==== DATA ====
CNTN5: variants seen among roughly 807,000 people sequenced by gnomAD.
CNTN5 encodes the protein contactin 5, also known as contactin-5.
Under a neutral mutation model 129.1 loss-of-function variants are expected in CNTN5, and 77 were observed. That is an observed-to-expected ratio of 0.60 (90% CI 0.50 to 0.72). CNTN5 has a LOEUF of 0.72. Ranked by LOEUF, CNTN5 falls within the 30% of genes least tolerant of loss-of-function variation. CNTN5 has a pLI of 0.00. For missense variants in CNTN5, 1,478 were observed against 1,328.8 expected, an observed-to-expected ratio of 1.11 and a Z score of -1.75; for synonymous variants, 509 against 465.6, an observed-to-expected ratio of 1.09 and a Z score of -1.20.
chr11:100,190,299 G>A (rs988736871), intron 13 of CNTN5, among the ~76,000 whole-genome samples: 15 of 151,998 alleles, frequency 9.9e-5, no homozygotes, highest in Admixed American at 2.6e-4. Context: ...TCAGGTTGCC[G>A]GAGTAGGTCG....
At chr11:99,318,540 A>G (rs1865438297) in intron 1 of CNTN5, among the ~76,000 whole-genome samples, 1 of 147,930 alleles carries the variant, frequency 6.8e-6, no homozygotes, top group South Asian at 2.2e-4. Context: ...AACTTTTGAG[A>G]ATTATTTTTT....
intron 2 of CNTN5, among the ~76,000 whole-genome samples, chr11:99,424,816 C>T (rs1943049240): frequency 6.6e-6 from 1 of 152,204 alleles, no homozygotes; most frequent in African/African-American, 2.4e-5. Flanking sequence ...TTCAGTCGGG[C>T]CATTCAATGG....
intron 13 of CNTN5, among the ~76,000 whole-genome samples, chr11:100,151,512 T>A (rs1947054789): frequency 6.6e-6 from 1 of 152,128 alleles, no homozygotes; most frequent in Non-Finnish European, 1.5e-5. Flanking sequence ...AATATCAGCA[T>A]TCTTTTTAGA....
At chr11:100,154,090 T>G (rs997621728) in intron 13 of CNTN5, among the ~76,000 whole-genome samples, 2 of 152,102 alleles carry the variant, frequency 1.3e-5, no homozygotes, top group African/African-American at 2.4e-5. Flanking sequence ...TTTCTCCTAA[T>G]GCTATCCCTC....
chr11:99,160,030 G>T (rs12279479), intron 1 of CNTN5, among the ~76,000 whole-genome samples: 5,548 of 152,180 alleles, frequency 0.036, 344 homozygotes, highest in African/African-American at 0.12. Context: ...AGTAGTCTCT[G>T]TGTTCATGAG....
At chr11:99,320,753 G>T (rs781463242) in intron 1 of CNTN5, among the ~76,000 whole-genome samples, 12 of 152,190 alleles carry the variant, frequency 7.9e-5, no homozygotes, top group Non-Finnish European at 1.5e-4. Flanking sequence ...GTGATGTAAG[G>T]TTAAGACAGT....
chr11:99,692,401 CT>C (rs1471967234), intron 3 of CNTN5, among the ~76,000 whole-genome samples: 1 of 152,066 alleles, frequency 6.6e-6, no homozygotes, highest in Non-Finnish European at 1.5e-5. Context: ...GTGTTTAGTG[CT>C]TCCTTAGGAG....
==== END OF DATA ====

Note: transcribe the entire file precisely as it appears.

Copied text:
CNTN5: variants seen among roughly 807,000 people sequenced by gnomAD.
CNTN5 encodes the protein contactin 5, also known as contactin-5.
Under a neutral mutation model 129.1 loss-of-function variants are expected in CNTN5, and 77 were observed. That is an observed-to-expected ratio of 0.60 (90% CI 0.50 to 0.72). CNTN5 has a LOEUF of 0.72. Ranked by LOEUF, CNTN5 falls within the 30% of genes least tolerant of loss-of-function variation. CNTN5 has a pLI of 0.00. For missense variants in CNTN5, 1,478 were observed against 1,328.8 expected, an observed-to-expected ratio of 1.11 and a Z score of -1.75; for synonymous variants, 509 against 465.6, an observed-to-expected ratio of 1.09 and a Z score of -1.20.
chr11:100,190,299 G>A (rs988736871), intron 13 of CNTN5, among the ~76,000 whole-genome samples: 15 of 151,998 alleles, frequency 9.9e-5, no homozygotes, highest in Admixed American at 2.6e-4. Context: ...TCAGGTTGCC[G>A]GAGTAGGTCG....
At chr11:99,318,540 A>G (rs1865438297) in intron 1 of CNTN5, among the ~76,000 whole-genome samples, 1 of 147,930 alleles carries the variant, frequency 6.8e-6, no homozygotes, top group South Asian at 2.2e-4. Context: ...AACTTTTGAG[A>G]ATTATTTTTT....
intron 2 of CNTN5, among the ~76,000 whole-genome samples, chr11:99,424,816 C>T (rs1943049240): frequency 6.6e-6 from 1 of 152,204 alleles, no homozygotes; most frequent in African/African-American, 2.4e-5. Flanking sequence ...TTCAGTCGGG[C>T]CATTCAATGG....
intron 13 of CNTN5, among the ~76,000 whole-genome samples, chr11:100,151,512 T>A (rs1947054789): frequency 6.6e-6 from 1 of 152,128 alleles, no homozygotes; most frequent in Non-Finnish European, 1.5e-5. Flanking sequence ...AATATCAGCA[T>A]TCTTTTTAGA....
At chr11:100,154,090 T>G (rs997621728) in intron 13 of CNTN5, among the ~76,000 whole-genome samples, 2 of 152,102 alleles carry the variant, frequency 1.3e-5, no homozygotes, top group African/African-American at 2.4e-5. Flanking sequence ...TTTCTCCTAA[T>G]GCTATCCCTC....
chr11:99,160,030 G>T (rs12279479), intron 1 of CNTN5, among the ~76,000 whole-genome samples: 5,548 of 152,180 alleles, frequency 0.036, 344 homozygotes, highest in African/African-American at 0.12. Context: ...AGTAGTCTCT[G>T]TGTTCATGAG....
At chr11:99,320,753 G>T (rs781463242) in intron 1 of CNTN5, among the ~76,000 whole-genome samples, 12 of 152,190 alleles carry the variant, frequency 7.9e-5, no homozygotes, top group Non-Finnish European at 1.5e-4. Flanking sequence ...GTGATGTAAG[G>T]TTAAGACAGT....
chr11:99,692,401 CT>C (rs1471967234), intron 3 of CNTN5, among the ~76,000 whole-genome samples: 1 of 152,066 alleles, frequency 6.6e-6, no homozygotes, highest in Non-Finnish European at 1.5e-5. Context: ...GTGTTTAGTG[CT>C]TCCTTAGGAG....